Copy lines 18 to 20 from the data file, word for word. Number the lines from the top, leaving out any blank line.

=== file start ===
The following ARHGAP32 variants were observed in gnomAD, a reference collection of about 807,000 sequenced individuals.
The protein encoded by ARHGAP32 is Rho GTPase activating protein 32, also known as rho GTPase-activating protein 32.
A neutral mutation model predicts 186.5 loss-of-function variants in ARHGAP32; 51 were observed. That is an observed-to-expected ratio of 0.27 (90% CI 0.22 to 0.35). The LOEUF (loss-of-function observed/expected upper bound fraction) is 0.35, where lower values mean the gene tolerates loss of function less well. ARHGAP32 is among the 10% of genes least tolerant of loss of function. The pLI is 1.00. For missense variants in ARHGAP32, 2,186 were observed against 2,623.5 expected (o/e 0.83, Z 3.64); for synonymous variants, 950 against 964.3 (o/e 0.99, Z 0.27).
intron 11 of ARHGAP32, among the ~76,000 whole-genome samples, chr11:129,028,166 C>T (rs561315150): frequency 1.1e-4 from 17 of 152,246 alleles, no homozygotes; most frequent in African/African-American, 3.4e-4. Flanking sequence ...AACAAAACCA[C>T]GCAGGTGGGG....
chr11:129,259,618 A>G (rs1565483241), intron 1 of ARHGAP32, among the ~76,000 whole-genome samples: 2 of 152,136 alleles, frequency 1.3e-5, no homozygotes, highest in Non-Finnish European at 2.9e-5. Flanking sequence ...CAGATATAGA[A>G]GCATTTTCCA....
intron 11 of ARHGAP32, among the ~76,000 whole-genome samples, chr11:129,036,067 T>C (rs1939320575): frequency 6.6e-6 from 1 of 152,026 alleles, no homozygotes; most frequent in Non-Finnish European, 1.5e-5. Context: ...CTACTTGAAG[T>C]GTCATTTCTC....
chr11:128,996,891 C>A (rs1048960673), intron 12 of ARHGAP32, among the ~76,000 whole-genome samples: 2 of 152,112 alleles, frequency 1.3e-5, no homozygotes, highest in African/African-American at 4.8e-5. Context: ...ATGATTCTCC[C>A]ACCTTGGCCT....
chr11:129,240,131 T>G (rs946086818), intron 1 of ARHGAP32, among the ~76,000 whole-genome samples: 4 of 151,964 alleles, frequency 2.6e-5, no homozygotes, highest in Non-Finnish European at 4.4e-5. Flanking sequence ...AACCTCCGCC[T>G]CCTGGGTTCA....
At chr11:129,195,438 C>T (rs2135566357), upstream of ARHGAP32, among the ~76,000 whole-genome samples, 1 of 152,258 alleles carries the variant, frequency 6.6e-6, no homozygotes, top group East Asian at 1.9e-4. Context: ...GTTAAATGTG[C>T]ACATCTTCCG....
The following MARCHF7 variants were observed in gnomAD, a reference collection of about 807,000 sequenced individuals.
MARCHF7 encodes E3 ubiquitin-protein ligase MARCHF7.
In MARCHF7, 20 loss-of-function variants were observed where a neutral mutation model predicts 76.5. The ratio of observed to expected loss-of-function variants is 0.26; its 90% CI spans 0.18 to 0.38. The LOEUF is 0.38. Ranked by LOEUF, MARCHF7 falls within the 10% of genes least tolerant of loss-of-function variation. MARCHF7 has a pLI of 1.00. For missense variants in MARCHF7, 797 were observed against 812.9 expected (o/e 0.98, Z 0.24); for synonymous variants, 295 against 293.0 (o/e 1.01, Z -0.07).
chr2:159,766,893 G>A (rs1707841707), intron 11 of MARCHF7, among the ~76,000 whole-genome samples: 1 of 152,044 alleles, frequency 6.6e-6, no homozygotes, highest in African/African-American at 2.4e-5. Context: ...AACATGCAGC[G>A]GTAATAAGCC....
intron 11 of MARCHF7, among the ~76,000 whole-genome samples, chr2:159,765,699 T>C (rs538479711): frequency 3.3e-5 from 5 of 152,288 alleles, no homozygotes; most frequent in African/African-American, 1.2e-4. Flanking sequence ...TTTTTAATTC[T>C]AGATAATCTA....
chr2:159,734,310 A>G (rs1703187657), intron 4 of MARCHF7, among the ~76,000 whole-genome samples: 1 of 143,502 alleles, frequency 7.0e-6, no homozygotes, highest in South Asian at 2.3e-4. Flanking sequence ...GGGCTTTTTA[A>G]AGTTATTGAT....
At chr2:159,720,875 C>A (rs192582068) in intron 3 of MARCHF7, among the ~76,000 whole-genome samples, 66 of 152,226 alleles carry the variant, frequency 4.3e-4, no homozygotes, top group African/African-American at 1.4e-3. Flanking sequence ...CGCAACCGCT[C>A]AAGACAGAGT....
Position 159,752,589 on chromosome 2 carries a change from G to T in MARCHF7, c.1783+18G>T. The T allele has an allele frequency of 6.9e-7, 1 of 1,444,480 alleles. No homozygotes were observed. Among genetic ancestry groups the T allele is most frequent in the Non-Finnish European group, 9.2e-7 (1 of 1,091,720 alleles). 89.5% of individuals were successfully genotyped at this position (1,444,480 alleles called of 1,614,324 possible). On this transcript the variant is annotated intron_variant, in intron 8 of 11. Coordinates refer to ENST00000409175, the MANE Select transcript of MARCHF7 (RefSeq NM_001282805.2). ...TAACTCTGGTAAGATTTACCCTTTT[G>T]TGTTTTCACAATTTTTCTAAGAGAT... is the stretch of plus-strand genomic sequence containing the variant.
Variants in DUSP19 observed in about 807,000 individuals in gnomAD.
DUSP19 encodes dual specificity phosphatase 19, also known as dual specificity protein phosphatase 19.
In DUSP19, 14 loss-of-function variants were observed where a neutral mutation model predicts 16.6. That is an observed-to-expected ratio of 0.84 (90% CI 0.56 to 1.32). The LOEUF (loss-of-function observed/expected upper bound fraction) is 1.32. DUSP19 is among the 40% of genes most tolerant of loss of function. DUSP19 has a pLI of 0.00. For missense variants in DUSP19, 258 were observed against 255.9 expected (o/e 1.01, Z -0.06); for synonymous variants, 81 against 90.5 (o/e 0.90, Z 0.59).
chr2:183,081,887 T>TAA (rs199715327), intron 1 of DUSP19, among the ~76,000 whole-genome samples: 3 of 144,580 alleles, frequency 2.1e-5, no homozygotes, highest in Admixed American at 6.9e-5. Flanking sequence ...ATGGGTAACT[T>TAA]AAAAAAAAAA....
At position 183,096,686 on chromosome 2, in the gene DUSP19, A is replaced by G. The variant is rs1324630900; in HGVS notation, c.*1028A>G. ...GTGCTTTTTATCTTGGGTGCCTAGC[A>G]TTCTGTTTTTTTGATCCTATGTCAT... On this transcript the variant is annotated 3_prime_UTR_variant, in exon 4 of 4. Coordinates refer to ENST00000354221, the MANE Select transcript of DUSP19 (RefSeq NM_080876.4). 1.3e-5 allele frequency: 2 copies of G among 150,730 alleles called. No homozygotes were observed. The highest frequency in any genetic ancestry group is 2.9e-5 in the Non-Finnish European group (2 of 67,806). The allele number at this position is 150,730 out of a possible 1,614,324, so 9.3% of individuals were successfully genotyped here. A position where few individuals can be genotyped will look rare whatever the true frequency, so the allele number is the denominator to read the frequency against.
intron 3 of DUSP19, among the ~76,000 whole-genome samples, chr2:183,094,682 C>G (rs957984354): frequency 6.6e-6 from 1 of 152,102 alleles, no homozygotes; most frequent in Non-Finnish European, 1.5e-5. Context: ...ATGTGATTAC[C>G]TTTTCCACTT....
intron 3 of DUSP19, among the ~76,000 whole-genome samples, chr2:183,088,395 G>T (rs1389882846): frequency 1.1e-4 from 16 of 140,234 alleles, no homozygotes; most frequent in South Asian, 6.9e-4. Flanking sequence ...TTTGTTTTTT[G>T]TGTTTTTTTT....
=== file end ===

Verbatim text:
Variants in DUSP19 observed in about 807,000 individuals in gnomAD.
DUSP19 encodes dual specificity phosphatase 19, also known as dual specificity protein phosphatase 19.
In DUSP19, 14 loss-of-function variants were observed where a neutral mutation model predicts 16.6. That is an observed-to-expected ratio of 0.84 (90% CI 0.56 to 1.32). The LOEUF (loss-of-function observed/expected upper bound fraction) is 1.32. DUSP19 is among the 40% of genes most tolerant of loss of function. DUSP19 has a pLI of 0.00. For missense variants in DUSP19, 258 were observed against 255.9 expected (o/e 1.01, Z -0.06); for synonymous variants, 81 against 90.5 (o/e 0.90, Z 0.59).